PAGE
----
Monday, 22 May 2017

Coalville cannot be stuck in a past which no longer exists - my Coalville Times column

As a child growing up in the 1970’s there was nothing finer than being taken by my mum to, in my memory at least, the gleaming and large New Broadway shopping centre in Coalville to spend my saved up pocket money at the rather wonderful Geoff’s Toys.

I often think back to those visits where I would hand over pennies for a brand new Matchbox car or MB board game; never Action Man or Star Wars figures mark you – it seemed every boy my age had an ‘aunty’ who worked at Palitoy.

I remember the shelves seemingly tightly packed with Scalextric race cars and Hornby train sets all the way to the ceiling and in my reminiscences how dark the shop was as a result of windows being blocked out by countless Spirographs and girls toys I had absolutely no interest in.

And now after all those years Geoff’s Toys will soon be gone. A part of my childhood and the early years of countless Coalville children has died.

We all know how Coalville has suffered. Over the years we’ve seen great independent traders, look no further than the wonderful Cayman Reef, disappear. As the fortunes of national chains have varied we’ve seen the departure of Woolworths, Farm Foods, Greenwoods and soon NatWest leaving our beleaguered town.

Thanks to hard work by traders, landlords and yes, even the council often those empty shells of buildings have found new businesses to fill them. But not often enough. How many times have all of us bemoaned or heard about the death of our town?

We’ve all lost count of how often we complain about the dearth of charity shops or discount retailers.

We claim that Coalville is a special case. That Ashby doesn’t have it as tough. That if only the powers that be bothered.

But we’re wrong.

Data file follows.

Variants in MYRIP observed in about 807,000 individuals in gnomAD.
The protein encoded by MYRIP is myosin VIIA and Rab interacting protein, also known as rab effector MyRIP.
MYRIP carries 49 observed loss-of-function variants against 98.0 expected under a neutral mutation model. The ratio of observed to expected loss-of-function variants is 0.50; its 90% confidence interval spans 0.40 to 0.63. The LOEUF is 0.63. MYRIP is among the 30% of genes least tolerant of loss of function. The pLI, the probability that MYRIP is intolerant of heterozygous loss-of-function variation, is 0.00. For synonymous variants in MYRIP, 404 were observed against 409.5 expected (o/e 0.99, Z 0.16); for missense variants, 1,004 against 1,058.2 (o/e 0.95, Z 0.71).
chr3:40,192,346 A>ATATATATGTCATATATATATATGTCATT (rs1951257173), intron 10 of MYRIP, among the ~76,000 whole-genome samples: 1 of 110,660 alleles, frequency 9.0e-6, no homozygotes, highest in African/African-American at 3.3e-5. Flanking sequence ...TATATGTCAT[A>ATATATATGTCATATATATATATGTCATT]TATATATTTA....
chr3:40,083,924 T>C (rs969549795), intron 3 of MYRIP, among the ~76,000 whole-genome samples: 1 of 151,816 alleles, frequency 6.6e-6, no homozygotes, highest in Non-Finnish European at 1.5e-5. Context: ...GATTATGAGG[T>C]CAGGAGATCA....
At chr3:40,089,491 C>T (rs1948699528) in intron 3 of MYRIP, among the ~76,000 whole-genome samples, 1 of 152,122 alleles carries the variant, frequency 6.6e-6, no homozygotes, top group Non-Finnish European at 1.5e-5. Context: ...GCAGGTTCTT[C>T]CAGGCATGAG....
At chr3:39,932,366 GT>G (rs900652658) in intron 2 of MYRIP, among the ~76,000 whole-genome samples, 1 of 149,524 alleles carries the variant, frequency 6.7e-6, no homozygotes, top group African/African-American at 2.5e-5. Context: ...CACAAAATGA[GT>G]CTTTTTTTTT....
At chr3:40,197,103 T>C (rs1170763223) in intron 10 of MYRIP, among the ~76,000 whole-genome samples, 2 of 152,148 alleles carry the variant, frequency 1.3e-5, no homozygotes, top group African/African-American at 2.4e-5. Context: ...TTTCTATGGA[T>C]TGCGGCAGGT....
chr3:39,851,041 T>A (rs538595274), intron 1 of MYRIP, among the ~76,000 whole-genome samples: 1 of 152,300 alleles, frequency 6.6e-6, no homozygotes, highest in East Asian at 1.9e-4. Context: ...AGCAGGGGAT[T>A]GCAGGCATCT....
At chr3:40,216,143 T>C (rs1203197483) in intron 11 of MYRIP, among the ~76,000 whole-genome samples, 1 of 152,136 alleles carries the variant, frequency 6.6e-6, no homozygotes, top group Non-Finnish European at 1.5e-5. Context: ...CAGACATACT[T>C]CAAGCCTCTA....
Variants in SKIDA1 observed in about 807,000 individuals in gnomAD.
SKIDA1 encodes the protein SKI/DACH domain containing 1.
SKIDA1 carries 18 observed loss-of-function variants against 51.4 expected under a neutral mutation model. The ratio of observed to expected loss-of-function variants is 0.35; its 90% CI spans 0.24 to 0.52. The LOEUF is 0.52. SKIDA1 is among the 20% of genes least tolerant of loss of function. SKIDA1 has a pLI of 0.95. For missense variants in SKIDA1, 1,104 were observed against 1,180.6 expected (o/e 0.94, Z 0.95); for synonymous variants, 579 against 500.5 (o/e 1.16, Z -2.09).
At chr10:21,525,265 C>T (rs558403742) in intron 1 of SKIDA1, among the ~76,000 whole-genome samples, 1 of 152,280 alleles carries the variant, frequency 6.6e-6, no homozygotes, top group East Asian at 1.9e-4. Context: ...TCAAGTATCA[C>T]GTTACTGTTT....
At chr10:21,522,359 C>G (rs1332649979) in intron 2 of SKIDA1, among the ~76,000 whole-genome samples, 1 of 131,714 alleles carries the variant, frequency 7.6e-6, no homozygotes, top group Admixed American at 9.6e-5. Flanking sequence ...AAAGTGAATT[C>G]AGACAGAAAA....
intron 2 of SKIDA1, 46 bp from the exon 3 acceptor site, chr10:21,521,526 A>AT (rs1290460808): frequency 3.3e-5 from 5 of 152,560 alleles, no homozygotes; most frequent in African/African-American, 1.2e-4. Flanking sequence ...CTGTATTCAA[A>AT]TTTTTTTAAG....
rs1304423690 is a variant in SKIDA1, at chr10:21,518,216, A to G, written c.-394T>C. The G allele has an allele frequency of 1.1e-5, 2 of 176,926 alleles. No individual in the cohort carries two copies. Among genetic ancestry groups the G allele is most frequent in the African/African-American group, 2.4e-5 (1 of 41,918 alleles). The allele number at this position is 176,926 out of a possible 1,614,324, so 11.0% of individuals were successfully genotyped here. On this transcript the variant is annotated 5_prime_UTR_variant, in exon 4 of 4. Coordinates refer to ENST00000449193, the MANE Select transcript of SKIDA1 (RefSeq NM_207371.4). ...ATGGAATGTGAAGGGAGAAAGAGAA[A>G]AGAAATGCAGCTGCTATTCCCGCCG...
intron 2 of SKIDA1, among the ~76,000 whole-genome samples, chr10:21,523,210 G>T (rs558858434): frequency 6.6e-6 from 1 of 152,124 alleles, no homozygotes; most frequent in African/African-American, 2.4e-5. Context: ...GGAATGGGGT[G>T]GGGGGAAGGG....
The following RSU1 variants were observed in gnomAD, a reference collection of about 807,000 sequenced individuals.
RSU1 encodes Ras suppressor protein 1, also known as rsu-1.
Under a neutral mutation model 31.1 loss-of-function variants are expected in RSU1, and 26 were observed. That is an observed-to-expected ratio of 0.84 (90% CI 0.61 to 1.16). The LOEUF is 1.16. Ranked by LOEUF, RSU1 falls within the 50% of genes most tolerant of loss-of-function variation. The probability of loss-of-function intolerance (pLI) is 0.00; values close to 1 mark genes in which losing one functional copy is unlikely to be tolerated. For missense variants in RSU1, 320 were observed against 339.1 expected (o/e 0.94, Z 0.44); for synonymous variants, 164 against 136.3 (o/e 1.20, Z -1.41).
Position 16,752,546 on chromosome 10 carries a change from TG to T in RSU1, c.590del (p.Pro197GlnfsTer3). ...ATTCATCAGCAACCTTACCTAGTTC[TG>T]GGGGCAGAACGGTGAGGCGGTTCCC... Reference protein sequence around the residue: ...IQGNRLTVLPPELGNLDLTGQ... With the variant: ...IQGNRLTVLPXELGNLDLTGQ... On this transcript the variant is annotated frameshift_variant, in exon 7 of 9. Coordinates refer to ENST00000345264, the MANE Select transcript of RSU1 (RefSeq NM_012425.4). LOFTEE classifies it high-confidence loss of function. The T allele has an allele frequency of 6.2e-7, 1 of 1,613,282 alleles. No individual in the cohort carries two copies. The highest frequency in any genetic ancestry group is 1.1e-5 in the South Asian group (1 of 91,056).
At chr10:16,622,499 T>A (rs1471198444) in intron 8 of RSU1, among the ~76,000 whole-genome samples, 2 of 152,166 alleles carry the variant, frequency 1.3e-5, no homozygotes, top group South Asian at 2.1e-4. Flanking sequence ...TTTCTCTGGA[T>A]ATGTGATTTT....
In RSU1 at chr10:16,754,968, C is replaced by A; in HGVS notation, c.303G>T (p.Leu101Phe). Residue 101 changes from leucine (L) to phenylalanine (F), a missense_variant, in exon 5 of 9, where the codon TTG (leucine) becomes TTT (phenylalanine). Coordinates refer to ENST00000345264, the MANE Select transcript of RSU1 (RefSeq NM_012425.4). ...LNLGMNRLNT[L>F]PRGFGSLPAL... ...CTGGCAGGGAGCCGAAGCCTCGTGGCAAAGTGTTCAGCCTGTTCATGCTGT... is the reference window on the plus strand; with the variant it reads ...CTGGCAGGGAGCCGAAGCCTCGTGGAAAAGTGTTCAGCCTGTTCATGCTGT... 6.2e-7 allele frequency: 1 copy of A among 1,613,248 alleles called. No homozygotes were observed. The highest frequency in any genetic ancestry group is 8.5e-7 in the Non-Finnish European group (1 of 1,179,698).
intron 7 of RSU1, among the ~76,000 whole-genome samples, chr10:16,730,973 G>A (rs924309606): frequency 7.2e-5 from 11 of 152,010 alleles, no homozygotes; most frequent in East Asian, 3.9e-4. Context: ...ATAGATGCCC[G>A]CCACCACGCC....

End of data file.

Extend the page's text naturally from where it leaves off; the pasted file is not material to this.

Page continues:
Coalville isn’t any different from countless other small towns that have seen years and years of decline. And the truth is that the problems go much, much deeper than any one organisation has the power to change.

If you have ever been lucky enough to visit the United States, whether it’s New York or Orlando or any other town of any size you will have visited Macy’s.

Macy’s is a giant of retail owning hundreds of anchor stores in virtually every mall around the country. If that isn’t enough the company owns the upmarket Bloomingdales to boot. Yet last week the company reported like for like sales as being 4.6% down on last year’s first quarter.

Over the past year Macy’s have announced the closure of over 100 huge department stores, some that have been trading for more than 60 years.

Macy’s are not on their own. Sales at other long established chains are plummeting. Kohls, Nordstrom, Saks Fifth Avenue and Sears, all massive players in US shopping, are consistently down.

And the explanation that comes forward again and again? The internet.

Last week the BBC reported Jeff Gennette, the Chief Executive of Macy’s as saying “These are unusual and challenging times for retail…we know that these changes are…not cyclical.”

In America NBC news recently put the plight of retailers even more succinctly: It’s “all really just a fancy way of saying “Amazon.””

I’m certainly not saying internet shopping in general or Amazon in particular are bad; I use internet shopping as much as the next person.

The problem is very nearly all of us do, it’s convenient and cheap; who can blame us? But we can’t have it all. We can’t have the advantages of the web and a thriving, vibrant town as we once did. Our expectations must be realistic.

There’s no reason why we can’t have great independent traders or seek to attract national chains. But in the future why will ever need the sheer number of retail units that we once had? How can we expect to sustain book shops, record or even toy stores when the way we shop has changed so significantly?

There’s absolutely no reason that Coalville, or any small market town for that matter, can’t be a success; but we have to base our expectations on reality rather on a past that no longer exists anywhere.

No comments:

Post a Comment